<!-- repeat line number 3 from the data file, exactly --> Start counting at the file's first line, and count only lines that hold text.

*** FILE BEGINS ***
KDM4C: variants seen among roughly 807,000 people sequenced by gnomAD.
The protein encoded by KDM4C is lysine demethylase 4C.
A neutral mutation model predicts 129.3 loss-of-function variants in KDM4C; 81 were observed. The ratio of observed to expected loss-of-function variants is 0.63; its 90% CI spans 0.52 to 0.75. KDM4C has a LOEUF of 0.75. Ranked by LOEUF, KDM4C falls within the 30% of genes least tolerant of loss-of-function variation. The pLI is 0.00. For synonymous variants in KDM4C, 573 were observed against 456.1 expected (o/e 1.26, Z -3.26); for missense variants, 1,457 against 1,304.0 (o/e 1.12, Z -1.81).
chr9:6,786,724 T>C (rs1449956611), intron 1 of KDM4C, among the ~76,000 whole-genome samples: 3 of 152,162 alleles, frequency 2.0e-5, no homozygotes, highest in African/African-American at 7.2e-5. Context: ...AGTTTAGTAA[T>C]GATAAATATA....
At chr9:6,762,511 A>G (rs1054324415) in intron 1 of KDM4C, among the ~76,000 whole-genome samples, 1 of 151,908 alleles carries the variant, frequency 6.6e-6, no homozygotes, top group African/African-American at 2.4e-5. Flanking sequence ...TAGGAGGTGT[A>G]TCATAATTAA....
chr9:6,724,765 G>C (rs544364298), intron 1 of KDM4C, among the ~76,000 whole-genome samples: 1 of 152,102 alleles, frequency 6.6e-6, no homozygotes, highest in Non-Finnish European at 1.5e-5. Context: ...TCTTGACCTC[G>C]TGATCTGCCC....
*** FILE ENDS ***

A neutral mutation model predicts 129.3 loss-of-function variants in KDM4C; 81 were observed. The ratio of observed to expected loss-of-function variants is 0.63; its 90% CI spans 0.52 to 0.75. KDM4C has a LOEUF of 0.75. Ranked by LOEUF, KDM4C falls within the 30% of genes least tolerant of loss-of-function variation. The pLI is 0.00. For synonymous variants in KDM4C, 573 were observed against 456.1 expected (o/e 1.26, Z -3.26); for missense variants, 1,457 against 1,304.0 (o/e 1.12, Z -1.81).